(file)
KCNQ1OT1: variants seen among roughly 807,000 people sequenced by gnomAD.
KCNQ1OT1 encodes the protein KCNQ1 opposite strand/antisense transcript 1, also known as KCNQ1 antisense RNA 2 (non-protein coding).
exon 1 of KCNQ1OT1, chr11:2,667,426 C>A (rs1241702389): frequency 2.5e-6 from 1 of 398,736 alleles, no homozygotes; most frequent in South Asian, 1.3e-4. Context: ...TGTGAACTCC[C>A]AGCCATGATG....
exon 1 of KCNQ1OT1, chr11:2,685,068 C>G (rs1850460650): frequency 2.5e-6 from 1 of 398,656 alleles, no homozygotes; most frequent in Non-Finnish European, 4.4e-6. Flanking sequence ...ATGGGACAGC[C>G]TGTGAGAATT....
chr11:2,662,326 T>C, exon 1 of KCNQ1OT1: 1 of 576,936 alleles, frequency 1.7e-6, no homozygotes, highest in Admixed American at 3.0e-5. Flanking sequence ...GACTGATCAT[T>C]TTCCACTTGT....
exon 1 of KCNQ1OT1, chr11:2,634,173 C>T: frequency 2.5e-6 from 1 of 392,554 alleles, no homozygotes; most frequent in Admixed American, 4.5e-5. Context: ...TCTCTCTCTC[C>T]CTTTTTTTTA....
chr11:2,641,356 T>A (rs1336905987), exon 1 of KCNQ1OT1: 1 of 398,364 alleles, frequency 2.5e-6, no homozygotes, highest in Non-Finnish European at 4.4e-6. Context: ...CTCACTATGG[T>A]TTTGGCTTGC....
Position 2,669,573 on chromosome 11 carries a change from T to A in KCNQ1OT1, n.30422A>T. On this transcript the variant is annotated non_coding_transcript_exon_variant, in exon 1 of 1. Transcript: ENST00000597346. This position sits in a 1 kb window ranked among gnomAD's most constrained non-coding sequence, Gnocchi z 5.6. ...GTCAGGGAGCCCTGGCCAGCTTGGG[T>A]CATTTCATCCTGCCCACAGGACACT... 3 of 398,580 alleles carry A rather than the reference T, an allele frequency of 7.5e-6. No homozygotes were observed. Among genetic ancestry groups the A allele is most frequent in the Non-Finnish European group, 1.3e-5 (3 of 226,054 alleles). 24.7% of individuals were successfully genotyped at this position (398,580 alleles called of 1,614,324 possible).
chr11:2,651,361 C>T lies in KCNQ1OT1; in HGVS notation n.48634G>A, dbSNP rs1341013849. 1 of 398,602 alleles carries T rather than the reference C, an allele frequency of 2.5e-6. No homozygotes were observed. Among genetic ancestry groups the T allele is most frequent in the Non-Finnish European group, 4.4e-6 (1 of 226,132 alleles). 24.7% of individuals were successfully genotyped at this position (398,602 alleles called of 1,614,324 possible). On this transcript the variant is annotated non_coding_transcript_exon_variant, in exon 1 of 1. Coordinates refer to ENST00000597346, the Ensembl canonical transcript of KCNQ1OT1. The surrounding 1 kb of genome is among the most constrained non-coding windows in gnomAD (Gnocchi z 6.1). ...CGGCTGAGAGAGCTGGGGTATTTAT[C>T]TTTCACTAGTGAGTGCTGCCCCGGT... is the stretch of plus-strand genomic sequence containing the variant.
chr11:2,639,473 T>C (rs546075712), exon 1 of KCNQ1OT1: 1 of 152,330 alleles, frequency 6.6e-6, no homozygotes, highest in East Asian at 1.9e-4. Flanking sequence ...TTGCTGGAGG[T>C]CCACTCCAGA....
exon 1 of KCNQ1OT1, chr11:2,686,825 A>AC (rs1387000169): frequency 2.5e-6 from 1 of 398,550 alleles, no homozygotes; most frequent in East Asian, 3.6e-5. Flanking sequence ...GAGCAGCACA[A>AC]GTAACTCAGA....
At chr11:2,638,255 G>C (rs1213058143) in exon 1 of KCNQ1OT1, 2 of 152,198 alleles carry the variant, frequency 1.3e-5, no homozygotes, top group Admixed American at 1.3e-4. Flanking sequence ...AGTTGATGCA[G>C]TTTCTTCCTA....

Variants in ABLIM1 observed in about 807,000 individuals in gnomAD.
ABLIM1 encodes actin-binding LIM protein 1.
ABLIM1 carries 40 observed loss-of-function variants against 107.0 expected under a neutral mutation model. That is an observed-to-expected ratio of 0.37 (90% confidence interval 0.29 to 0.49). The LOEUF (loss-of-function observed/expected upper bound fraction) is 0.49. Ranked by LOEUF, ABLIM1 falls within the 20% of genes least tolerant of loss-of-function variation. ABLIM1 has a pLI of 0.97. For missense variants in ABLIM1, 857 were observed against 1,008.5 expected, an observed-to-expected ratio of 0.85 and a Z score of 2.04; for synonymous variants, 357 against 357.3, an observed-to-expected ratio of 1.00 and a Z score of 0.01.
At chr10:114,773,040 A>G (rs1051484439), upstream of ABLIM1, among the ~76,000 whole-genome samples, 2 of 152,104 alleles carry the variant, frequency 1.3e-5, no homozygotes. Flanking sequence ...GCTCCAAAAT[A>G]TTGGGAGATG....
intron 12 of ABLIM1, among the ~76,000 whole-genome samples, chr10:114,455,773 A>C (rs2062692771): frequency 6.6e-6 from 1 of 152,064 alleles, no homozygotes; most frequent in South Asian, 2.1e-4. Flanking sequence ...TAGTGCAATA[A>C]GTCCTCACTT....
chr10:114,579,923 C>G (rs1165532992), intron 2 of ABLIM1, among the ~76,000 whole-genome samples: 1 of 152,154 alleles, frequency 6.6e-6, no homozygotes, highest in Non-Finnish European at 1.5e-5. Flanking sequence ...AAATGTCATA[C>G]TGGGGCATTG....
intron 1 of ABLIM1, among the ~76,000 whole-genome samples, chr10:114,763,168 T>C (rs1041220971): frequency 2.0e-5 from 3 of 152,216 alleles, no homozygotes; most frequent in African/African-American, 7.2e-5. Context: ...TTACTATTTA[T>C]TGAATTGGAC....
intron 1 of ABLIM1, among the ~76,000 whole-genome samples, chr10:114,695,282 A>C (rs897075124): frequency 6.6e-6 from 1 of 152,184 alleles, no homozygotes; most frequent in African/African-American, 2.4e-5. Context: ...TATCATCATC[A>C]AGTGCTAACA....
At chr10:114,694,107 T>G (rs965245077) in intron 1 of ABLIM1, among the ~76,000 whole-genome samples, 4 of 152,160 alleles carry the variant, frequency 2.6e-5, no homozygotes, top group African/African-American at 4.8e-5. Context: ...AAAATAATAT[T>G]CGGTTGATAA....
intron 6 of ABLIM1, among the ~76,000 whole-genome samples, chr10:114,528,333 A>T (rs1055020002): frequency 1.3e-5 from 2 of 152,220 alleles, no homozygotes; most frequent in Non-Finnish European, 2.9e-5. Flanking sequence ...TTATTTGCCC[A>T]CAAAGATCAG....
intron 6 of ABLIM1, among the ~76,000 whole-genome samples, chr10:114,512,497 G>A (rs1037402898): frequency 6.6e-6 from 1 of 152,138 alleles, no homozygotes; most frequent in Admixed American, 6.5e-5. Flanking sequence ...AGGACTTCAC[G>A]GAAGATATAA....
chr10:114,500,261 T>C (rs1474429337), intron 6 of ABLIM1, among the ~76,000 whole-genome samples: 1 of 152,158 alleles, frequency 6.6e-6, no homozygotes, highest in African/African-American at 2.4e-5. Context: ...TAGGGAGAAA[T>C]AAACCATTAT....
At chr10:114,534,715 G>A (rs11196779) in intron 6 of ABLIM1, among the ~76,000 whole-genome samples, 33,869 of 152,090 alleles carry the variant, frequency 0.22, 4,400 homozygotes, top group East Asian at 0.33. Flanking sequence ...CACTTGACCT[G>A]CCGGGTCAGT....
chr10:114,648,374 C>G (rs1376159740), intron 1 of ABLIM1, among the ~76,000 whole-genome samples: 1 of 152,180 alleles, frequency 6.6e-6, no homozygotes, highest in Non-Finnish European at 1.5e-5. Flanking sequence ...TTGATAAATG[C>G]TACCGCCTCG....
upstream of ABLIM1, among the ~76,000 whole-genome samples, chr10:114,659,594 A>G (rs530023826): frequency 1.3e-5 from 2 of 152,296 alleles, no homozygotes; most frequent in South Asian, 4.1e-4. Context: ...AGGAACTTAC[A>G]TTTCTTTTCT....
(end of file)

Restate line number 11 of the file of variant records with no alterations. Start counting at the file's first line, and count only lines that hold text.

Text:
exon 1 of KCNQ1OT1, chr11:2,686,825 A>AC (rs1387000169): frequency 2.5e-6 from 1 of 398,550 alleles, no homozygotes; most frequent in East Asian, 3.6e-5. Flanking sequence ...GAGCAGCACA[A>AC]GTAACTCAGA....